U.S. stocks ended down on Wednesday, paring most of the strong gains of the previous session, with tech-focused shares leading the way lower.
Adding to the downbeat mood in stocks, Federal Reserve officials on Wednesday said more interest rate rises are in the cards as the U.S. central bank moves ahead with efforts to control inflation.
Fed Governor Christopher Waller said inflation seems poised to continue slowing this year but the U.S. central bank’s battle to reach its 2% target “might be a long fight” with monetary policy kept tighter for longer than anticipated.
Stocks rallied on Tuesday following Fed Chair Jerome Powell’s session before the Economic Club of Washington, where he said interest rates might need to move higher than expected if the U.S. economy remained strong, but said he felt a process of “disinflation” is under way.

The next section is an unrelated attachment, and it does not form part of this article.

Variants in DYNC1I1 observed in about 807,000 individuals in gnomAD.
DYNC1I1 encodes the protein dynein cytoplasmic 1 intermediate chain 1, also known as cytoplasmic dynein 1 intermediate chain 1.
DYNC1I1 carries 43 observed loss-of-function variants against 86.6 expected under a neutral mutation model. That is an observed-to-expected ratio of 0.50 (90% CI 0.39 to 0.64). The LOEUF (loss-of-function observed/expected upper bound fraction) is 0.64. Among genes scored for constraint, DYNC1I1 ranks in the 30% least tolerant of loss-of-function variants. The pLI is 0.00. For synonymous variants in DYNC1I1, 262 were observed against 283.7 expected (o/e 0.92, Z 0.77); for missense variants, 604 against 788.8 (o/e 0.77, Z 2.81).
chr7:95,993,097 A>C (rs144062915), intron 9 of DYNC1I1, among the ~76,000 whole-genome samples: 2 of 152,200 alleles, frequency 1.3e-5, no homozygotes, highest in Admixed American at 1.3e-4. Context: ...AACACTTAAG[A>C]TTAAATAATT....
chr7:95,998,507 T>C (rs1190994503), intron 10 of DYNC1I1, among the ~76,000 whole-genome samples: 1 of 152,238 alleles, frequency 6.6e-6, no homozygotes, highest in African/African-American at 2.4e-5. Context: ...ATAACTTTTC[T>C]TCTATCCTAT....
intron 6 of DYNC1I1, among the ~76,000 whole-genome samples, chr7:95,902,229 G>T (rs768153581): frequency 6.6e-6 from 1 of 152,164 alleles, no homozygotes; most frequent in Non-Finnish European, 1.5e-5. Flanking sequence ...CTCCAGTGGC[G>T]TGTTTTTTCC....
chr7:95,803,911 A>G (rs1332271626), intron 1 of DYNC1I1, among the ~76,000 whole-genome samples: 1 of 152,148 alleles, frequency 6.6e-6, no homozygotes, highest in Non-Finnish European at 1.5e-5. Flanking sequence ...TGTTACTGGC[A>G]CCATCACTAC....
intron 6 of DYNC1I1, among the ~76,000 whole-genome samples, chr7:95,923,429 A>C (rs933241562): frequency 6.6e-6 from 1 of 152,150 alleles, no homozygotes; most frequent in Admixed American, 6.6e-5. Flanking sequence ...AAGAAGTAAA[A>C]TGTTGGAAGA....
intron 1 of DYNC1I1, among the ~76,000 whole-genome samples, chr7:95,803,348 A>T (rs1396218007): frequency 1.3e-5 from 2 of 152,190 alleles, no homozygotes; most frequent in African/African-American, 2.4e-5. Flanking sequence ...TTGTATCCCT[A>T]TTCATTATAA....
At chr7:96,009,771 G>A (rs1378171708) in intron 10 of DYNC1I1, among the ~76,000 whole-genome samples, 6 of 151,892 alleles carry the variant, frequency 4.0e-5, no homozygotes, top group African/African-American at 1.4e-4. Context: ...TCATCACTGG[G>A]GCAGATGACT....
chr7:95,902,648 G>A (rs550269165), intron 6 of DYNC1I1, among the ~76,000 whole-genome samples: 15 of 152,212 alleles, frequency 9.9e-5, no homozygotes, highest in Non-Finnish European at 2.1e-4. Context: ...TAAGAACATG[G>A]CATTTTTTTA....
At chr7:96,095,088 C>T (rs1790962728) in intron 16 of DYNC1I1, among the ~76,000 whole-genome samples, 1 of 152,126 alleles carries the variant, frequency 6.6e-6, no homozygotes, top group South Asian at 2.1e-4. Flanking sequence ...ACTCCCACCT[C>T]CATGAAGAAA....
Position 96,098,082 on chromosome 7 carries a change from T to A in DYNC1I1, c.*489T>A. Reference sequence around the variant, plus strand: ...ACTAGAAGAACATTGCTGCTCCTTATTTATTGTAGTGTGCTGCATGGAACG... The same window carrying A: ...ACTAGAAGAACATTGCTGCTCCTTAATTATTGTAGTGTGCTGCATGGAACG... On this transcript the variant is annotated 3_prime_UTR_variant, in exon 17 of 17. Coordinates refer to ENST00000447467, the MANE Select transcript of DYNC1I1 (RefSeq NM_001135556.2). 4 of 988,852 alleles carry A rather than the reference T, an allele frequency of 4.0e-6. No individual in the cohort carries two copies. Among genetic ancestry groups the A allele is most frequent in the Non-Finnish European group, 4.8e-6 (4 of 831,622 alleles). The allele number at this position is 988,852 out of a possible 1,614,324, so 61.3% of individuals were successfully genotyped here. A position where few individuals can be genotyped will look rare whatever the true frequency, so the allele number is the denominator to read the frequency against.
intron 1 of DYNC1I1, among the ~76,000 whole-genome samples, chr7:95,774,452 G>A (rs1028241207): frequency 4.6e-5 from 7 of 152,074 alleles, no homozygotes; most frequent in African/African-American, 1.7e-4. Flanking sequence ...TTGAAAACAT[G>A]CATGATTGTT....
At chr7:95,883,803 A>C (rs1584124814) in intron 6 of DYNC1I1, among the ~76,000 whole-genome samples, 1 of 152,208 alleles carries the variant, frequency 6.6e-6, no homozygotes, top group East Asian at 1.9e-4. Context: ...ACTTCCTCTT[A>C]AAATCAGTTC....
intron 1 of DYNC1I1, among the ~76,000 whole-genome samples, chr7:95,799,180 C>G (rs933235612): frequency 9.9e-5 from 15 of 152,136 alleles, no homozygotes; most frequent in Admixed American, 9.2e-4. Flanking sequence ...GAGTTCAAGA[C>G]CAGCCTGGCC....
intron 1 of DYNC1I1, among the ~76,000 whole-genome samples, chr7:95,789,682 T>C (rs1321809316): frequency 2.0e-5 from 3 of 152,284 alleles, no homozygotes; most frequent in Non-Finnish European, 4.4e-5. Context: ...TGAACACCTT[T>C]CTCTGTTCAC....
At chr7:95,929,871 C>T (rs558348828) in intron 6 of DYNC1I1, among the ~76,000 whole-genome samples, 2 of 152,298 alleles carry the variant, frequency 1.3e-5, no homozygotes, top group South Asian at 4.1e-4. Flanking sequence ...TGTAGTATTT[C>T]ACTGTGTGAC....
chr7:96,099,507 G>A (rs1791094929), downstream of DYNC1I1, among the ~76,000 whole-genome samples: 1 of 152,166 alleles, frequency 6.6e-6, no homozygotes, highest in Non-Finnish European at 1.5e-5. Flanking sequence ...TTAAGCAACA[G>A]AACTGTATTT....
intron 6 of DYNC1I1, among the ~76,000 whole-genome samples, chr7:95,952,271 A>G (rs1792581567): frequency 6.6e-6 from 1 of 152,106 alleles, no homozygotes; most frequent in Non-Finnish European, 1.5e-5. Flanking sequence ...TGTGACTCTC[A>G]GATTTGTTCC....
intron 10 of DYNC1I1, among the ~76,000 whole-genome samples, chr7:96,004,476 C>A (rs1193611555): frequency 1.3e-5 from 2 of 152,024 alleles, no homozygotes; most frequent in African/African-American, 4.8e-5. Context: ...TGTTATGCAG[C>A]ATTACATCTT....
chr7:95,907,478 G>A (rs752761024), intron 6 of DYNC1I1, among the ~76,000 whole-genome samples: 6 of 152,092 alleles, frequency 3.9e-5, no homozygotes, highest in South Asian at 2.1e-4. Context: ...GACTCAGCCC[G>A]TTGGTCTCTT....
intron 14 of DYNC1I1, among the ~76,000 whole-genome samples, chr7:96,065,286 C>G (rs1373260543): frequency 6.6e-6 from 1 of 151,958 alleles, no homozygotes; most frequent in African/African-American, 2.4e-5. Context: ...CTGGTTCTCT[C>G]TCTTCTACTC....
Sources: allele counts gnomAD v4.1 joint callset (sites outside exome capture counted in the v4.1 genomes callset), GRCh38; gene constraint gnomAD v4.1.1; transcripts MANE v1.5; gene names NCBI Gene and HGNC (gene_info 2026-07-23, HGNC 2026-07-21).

“After this kind of run and a move to a valuation certainly in the richer camp, you need to have more evidence to keep the market climbing higher,” said Quincy Krosby, chief global strategist at LPL Financial in Charlotte, North Carolina.
The Nasdaq remains up about 14% for the year to date.
According to preliminary data, the S&P 500 (.SPX) lost 45.50 points, or 1.11%, to end at 4,117.91 points, while the Nasdaq Composite (.IXIC) lost 201.60 points, or 1.66%, to 11,912.19. The Dow Jones Industrial Average (.DJI) fell 202.51 points, or 0.59%, to 33,954.18.
Investors have been concerned about how aggressive the Fed’s actions may be this year following Friday’s surprisingly strong U.S. jobs report.
They have also been concerned about mixed reports from U.S. companies this earnings season. With results in from more than half of the S&P 500 companies, earnings still are expected to have declined year-over-year in the fourth quarter of 2022, according to IBES data from Refinitiv.
Shares of entertainment company Walt Disney (DIS.N) were little changed ahead of its quarterly results due after the closing bell.
Investors also were digesting comments from President Joe Biden late Tuesday at the State of the Union address, supporting calls to tax corporate share buybacks.